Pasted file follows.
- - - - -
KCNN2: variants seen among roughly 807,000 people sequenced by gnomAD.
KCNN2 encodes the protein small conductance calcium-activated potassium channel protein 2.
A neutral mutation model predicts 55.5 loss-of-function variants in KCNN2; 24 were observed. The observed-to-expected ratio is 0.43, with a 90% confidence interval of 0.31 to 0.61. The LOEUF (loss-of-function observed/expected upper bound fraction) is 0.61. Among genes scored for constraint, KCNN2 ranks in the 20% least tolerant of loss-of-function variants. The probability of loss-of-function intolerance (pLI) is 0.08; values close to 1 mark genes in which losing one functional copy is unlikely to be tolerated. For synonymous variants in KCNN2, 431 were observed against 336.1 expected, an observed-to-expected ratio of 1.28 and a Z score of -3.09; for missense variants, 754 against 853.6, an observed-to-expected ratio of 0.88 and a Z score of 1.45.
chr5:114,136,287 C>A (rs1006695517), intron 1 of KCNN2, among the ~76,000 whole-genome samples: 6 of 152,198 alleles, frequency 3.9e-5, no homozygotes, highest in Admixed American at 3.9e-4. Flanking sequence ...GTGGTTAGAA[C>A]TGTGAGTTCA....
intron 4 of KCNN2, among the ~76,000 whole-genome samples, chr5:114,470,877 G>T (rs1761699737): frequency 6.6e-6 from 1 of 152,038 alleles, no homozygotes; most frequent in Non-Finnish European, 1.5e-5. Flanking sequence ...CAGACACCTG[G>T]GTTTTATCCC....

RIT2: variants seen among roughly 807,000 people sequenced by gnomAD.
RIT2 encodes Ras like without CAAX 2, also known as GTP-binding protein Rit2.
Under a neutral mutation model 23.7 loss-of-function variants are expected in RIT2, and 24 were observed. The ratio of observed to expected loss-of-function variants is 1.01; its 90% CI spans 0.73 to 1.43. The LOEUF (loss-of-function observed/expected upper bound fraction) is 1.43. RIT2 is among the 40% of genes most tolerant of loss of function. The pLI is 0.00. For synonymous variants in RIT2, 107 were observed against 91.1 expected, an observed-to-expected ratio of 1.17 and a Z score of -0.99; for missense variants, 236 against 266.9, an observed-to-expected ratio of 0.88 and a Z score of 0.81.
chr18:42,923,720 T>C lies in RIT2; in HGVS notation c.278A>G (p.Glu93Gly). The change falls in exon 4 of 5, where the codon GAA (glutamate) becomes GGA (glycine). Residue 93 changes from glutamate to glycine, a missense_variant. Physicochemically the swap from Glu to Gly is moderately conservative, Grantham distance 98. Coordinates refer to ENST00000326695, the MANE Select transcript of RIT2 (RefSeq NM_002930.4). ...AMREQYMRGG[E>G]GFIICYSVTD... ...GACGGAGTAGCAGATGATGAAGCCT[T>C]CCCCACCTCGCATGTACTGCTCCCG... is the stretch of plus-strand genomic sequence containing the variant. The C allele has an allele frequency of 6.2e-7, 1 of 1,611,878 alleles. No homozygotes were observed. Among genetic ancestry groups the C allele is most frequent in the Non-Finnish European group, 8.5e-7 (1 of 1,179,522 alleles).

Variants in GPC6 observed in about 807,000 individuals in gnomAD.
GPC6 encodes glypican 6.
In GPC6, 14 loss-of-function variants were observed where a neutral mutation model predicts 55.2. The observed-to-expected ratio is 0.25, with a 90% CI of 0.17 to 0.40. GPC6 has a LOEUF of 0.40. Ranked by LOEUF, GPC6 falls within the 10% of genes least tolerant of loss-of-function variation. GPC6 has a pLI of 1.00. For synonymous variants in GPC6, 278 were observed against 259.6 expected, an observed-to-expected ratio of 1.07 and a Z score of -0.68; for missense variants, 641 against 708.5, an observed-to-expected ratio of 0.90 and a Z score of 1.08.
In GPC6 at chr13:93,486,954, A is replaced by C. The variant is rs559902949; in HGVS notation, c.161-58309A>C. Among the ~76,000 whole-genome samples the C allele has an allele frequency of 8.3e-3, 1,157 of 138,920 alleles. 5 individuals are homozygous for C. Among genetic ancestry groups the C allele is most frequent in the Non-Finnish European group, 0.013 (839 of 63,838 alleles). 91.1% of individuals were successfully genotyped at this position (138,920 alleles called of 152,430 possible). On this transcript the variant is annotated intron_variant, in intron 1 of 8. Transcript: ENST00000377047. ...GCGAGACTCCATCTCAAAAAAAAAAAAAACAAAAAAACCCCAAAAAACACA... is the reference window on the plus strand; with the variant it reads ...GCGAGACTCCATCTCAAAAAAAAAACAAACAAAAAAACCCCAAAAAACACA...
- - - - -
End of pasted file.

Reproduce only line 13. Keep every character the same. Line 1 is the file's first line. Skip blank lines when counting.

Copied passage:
In GPC6 at chr13:93,486,954, A is replaced by C. The variant is rs559902949; in HGVS notation, c.161-58309A>C. Among the ~76,000 whole-genome samples the C allele has an allele frequency of 8.3e-3, 1,157 of 138,920 alleles. 5 individuals are homozygous for C. Among genetic ancestry groups the C allele is most frequent in the Non-Finnish European group, 0.013 (839 of 63,838 alleles). 91.1% of individuals were successfully genotyped at this position (138,920 alleles called of 152,430 possible). On this transcript the variant is annotated intron_variant, in intron 1 of 8. Transcript: ENST00000377047. ...GCGAGACTCCATCTCAAAAAAAAAAAAAACAAAAAAACCCCAAAAAACACA... is the reference window on the plus strand; with the variant it reads ...GCGAGACTCCATCTCAAAAAAAAAACAAACAAAAAAACCCCAAAAAACACA...